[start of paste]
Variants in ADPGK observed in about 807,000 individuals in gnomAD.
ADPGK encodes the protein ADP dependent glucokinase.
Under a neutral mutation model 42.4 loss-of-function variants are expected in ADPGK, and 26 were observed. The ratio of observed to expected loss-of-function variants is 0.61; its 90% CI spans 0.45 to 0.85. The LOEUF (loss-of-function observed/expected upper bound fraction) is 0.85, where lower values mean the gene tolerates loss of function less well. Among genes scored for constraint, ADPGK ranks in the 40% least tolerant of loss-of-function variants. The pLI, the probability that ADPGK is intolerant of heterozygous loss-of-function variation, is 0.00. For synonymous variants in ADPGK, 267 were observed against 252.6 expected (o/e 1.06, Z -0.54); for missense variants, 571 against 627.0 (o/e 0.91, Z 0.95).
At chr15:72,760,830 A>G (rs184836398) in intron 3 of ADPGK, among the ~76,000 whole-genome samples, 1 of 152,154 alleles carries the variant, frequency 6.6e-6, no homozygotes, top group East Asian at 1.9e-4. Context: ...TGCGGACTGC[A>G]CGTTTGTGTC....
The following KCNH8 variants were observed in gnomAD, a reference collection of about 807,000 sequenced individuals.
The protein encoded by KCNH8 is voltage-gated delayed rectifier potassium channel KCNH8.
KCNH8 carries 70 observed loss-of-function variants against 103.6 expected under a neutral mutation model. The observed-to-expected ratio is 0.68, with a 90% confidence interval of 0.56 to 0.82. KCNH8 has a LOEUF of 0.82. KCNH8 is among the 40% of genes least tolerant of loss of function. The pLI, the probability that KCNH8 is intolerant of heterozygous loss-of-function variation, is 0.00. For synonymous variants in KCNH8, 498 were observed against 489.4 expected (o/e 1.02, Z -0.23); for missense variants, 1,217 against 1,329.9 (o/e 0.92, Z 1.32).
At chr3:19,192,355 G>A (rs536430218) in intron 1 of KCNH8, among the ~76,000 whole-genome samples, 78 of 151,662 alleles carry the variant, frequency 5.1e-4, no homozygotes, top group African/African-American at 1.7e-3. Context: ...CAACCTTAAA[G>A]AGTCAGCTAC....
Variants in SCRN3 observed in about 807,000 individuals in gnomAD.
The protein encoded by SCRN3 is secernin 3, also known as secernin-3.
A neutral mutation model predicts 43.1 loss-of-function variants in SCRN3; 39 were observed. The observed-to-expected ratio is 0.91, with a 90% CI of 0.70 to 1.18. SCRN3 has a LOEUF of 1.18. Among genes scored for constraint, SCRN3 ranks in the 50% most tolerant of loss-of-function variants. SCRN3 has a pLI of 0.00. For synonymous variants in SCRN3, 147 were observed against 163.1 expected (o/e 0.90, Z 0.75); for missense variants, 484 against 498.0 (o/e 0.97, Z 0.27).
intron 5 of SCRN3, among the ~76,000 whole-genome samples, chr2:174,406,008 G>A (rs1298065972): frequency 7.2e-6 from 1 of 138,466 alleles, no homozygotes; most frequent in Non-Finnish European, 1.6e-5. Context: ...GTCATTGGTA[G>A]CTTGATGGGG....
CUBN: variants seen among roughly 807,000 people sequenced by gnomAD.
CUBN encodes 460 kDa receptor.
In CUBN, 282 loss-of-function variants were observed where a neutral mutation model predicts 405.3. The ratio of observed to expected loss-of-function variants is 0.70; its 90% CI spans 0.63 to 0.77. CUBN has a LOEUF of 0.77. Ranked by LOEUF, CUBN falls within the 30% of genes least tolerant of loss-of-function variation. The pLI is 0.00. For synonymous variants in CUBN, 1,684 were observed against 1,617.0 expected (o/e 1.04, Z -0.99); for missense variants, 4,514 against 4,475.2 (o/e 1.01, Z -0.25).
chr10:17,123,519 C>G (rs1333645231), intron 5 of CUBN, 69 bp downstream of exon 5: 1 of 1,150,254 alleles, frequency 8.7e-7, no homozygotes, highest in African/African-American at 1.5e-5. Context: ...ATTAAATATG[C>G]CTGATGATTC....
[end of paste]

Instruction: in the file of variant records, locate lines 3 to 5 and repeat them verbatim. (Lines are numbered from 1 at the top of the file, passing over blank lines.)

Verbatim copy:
Under a neutral mutation model 42.4 loss-of-function variants are expected in ADPGK, and 26 were observed. The ratio of observed to expected loss-of-function variants is 0.61; its 90% CI spans 0.45 to 0.85. The LOEUF (loss-of-function observed/expected upper bound fraction) is 0.85, where lower values mean the gene tolerates loss of function less well. Among genes scored for constraint, ADPGK ranks in the 40% least tolerant of loss-of-function variants. The pLI, the probability that ADPGK is intolerant of heterozygous loss-of-function variation, is 0.00. For synonymous variants in ADPGK, 267 were observed against 252.6 expected (o/e 1.06, Z -0.54); for missense variants, 571 against 627.0 (o/e 0.91, Z 0.95).
At chr15:72,760,830 A>G (rs184836398) in intron 3 of ADPGK, among the ~76,000 whole-genome samples, 1 of 152,154 alleles carries the variant, frequency 6.6e-6, no homozygotes, top group East Asian at 1.9e-4. Context: ...TGCGGACTGC[A>G]CGTTTGTGTC....
The following KCNH8 variants were observed in gnomAD, a reference collection of about 807,000 sequenced individuals.